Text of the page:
UNITED STATES—There is so much more to gardening than mere horticulture. There is so much more to horticulture than mere plant life. Plants get eaten by insects and animals, and also take advantage of insects and animals for pollination and dispersion of seed. Some of us who enjoy gardening also like to attract some types of animals and insects to our gardens because they are nice to have around.
The birds and the bees, as well as butterflies, squirrels, lizards, snakes and other small animals add color, motion and vibrancy to the garden. Destructive animals like gophers, rats and deer, and cumbersomely big animals like moose and bears, are not so popular. Mosquitoes and flies are the sorts of insects that we would like to repel with aromatic herbs. Some but not all are welcome.
‘Pollinator’ flowers have become a fad recently, not only to attract bees, but also to provide them with more of what some believe they are lacking out in the wild. There is certainly nothing wrong with attracting bees. Those who are enslaved in honey production are best! Children learn as much about nature from bees as from other wildlife. The soft hum of big herds of bees is quite nice.
Beyond that, we should think outside the box of our home gardens. The unnatural disruption of local ecology can not be repaired by throwing more unnatural resources at it. Honeybees who were imported to make honey are not native, but displaced and interbred with natives enough to interfere with their natural pollinating behavior, as well as their resistance and susceptibility to disease.
Almost all plants in urban as well as agricultural areas were imported too. They were perpetuated until they dominated the localized ecosystems. There is now much more flora in places like the Los Angeles Basin and the Santa Clara Valley than there has ever been before! There is no shortage of bloom for bees. In fact, there is an overabundance of bloom potentially distracting bees from pollinating native specie who need them. Invasive exotic eucalypti might enjoy their popularity at the expense of California poppy.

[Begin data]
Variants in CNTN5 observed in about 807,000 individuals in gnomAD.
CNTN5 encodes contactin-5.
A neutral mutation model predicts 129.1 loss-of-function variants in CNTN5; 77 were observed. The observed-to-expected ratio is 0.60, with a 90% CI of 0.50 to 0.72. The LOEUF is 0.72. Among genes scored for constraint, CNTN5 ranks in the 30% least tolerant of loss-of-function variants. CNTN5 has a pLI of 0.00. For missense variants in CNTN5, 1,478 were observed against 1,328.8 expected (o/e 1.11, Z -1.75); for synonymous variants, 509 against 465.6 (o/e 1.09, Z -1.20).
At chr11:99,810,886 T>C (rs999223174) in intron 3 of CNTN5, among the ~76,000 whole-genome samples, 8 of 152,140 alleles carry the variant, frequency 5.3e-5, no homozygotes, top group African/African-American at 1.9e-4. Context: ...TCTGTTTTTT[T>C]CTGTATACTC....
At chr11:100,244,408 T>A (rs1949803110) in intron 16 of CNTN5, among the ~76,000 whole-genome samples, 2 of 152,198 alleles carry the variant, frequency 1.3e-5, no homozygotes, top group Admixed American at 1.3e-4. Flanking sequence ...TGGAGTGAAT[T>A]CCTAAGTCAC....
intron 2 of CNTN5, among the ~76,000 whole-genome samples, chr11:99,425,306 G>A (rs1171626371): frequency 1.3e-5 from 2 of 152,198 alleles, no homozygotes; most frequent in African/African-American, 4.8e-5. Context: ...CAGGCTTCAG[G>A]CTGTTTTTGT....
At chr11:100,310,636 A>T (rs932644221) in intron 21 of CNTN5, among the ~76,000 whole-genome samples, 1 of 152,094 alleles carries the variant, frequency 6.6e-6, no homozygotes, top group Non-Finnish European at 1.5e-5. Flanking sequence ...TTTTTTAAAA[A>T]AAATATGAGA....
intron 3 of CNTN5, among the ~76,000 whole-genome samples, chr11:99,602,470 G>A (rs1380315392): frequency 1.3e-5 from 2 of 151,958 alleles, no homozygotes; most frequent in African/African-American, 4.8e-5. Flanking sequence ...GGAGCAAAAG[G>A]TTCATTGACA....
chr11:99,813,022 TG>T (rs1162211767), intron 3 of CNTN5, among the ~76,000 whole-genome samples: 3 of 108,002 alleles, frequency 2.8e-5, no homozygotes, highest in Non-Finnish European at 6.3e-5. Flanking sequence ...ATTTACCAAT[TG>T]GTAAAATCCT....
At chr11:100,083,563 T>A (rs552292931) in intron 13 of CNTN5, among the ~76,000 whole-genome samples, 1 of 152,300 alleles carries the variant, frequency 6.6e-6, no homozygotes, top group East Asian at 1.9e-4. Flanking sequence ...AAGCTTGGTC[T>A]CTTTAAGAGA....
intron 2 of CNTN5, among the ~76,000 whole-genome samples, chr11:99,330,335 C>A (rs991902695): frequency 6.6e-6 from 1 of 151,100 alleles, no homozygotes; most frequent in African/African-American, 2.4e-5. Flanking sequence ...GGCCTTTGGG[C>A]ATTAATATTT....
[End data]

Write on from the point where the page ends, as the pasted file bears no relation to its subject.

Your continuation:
This is one of those warm season annuals that we do not hear much about. Verbena looks something like lantana, but rather than maturing into a nice shallow ground cover or low mounding shrub with a bit of staying power, verbena lasts only until frost next autumn. The blooms are a bit larger. The leaves are a bit greener. They stay lower than a foot, and get only a few inches wider than tall.
Floral color was already impressive decades ago when it was limited to white and rich hues of blue, red, purple and pink. Even more hues and shades are available now, as well as peach, rose, lavender and many bi-colored varieties. The tiny flowers are arranged in small and dense trusses, with the outer flowers opening and fading to lighter hues before the inner flowers opening darker.
Bloom is best in full sun exposure. A bit of partial shade should not be a problem for those that cascade from planter boxes up against a wall, or pots that hang from eaves. Verbena is popularly grown as a cascading component of mixed plantings in large pots, urns and elevated planters, often in conjunction with more upright plants. Verbena works nicely for small scale bedding as well.
Horticulturist Tony Tomeo can be contacted at tonytomeo.wordpress.com.